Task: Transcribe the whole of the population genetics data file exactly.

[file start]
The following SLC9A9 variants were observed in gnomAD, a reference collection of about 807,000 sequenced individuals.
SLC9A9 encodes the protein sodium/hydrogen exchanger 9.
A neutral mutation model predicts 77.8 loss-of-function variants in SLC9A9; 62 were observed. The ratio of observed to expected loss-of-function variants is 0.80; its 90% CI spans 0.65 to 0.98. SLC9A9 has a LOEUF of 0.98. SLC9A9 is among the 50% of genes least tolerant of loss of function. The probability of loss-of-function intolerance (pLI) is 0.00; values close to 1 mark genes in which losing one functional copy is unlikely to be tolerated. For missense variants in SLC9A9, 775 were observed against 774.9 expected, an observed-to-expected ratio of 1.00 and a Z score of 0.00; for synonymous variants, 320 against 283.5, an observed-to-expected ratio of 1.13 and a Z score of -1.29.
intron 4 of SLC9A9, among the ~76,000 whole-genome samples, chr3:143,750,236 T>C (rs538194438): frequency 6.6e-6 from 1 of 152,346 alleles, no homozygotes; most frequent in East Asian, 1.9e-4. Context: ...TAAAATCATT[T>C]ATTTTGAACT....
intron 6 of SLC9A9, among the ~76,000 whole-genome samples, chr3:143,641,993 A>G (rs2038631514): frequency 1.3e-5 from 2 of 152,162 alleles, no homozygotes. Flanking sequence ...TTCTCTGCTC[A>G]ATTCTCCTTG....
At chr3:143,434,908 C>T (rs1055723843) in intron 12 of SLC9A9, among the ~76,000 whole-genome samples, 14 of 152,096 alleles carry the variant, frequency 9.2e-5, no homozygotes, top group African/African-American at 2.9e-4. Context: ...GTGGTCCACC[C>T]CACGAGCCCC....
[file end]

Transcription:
The following SLC9A9 variants were observed in gnomAD, a reference collection of about 807,000 sequenced individuals.
SLC9A9 encodes the protein sodium/hydrogen exchanger 9.
A neutral mutation model predicts 77.8 loss-of-function variants in SLC9A9; 62 were observed. The ratio of observed to expected loss-of-function variants is 0.80; its 90% CI spans 0.65 to 0.98. SLC9A9 has a LOEUF of 0.98. SLC9A9 is among the 50% of genes least tolerant of loss of function. The probability of loss-of-function intolerance (pLI) is 0.00; values close to 1 mark genes in which losing one functional copy is unlikely to be tolerated. For missense variants in SLC9A9, 775 were observed against 774.9 expected, an observed-to-expected ratio of 1.00 and a Z score of 0.00; for synonymous variants, 320 against 283.5, an observed-to-expected ratio of 1.13 and a Z score of -1.29.
intron 4 of SLC9A9, among the ~76,000 whole-genome samples, chr3:143,750,236 T>C (rs538194438): frequency 6.6e-6 from 1 of 152,346 alleles, no homozygotes; most frequent in East Asian, 1.9e-4. Context: ...TAAAATCATT[T>C]ATTTTGAACT....
intron 6 of SLC9A9, among the ~76,000 whole-genome samples, chr3:143,641,993 A>G (rs2038631514): frequency 1.3e-5 from 2 of 152,162 alleles, no homozygotes. Flanking sequence ...TTCTCTGCTC[A>G]ATTCTCCTTG....
At chr3:143,434,908 C>T (rs1055723843) in intron 12 of SLC9A9, among the ~76,000 whole-genome samples, 14 of 152,096 alleles carry the variant, frequency 9.2e-5, no homozygotes, top group African/African-American at 2.9e-4. Context: ...GTGGTCCACC[C>T]CACGAGCCCC....